“Don’t call me ‘fish flakes’, Don’t call me ‘bonito flakes’. Please understand me better! Please shave me into flakes from a solid block of katsuobushi and taste the true flavor of me.”
Well, if I were katsuobushi, I would be screaming at you like that.
Recently my friend Chef David, brought to my kitchen a katsuobushi (block of dried and smoked skipjack tuna). David obtained it 3 months ago on his trip to Makurazaki-town – the town famous for katsuobushi in Kagoshima Prefecture on the southern island of Kyushu, Japan. David also brought with him the tools to shave katsuobushi into flakes – a shaver and wooden hammer.
When I was a child I remember my mother shaving katsuobushi every day for dashi stock. She used the dashi to make our daily miso soups, simmered dishes and many other necessary preparations that appeared on our table. I remember the extremely fragrant aroma and rhythmical sounds of shaving the hard, wood-like katsuobushi permeating and echoing in the kitchen.
When we obtained real katsuobushi, the product was sure to have gone through steaming, drying, smoking and mold treatment stages for about half a year. The final block looks like dried hard-wood, which is covered with a thin layer of black mold.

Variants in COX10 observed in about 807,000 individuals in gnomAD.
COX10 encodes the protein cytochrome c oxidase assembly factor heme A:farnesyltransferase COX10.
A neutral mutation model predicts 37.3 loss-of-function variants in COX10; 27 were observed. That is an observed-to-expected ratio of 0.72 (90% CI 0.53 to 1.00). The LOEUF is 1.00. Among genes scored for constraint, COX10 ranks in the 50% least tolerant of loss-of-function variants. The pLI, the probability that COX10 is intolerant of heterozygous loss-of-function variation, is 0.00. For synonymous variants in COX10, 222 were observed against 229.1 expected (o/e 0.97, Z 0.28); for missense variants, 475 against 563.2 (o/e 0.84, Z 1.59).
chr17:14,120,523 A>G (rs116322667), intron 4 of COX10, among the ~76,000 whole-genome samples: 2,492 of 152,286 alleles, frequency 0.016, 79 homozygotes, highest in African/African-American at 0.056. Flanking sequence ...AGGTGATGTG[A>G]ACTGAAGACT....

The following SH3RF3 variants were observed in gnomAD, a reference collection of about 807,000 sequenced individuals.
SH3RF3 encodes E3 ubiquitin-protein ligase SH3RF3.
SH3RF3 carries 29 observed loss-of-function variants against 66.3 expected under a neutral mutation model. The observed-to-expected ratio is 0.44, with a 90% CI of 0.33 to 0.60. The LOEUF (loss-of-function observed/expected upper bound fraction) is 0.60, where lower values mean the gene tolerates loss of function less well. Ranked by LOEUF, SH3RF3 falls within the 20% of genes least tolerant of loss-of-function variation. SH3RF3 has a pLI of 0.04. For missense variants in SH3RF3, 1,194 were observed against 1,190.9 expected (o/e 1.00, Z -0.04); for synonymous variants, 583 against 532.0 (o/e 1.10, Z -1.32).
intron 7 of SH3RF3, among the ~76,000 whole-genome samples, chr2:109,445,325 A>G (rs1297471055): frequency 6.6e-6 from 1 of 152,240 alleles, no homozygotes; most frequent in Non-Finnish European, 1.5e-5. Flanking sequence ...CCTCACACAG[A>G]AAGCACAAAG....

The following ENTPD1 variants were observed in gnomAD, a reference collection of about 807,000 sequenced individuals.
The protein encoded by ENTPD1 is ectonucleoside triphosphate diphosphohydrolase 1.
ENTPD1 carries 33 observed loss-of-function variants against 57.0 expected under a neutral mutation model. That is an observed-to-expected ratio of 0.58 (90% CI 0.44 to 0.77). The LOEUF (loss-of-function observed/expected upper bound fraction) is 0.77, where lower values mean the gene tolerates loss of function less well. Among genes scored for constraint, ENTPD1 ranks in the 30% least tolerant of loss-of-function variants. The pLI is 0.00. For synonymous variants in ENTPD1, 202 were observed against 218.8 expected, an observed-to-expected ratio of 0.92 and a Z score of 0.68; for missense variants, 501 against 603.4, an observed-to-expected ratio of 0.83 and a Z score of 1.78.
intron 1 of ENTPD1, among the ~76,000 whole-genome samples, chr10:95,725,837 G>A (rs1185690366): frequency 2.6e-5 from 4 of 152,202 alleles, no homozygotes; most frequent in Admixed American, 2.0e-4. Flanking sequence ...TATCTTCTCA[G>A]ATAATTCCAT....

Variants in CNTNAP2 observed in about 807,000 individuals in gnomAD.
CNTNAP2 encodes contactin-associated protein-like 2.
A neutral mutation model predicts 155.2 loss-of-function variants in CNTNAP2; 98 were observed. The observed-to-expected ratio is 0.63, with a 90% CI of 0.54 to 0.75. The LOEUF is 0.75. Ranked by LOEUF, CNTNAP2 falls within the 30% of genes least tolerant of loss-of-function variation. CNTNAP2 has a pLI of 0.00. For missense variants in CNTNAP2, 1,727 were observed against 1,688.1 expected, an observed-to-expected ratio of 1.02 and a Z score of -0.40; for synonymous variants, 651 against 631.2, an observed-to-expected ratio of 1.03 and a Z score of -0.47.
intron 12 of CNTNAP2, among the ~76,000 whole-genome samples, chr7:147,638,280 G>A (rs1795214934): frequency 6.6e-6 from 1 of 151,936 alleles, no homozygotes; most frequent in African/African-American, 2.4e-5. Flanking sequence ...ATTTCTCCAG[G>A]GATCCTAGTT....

The first thing that David and I did with his katsuobushi was to wipe away the black coating with a dry – don’t use wet or moist one – kitchen cloth.
We then fixed the blade of the Katsuobushi kezuri, a tool which works like a carpenter’s plane to make the shavings. The blade is set at an angle sticking out of a rectangular box. When used, the shaved flakes go down into the box. The bottom of the box is like a drawer that can be pulled from the end of the box in order to remove the flakes. The ideal extension of the blade to shave the katsuobushi is said to be 0.1mm, probably a little less than the extension of the blade in a carpenter’s plane!
After several trials and error attempts we produced perfectly shaved katsuobushi. The very familiar aroma and the sound of shaving that I enjoyed in my mother’s kitchen and missed for such a long time (oh, I have been so lazy!) came back to my kitchen. David made the dashi stock with excellent Rishiri Island kombu, reputedly the best in Japan, and freshly shaved katsuobushi. The taste of the dashi stock was exceptional – with lots of umami and a very fragrant aroma.
Anyone who wants to experience a real katsuobushi adventure with me in Japan can do so. I am taking you and a small group of others to Makurazaki in Kyushu, next fall, 2018. Come with me and see and learn about the real katsuobushi. She will be so happy. Hiroko Shimbo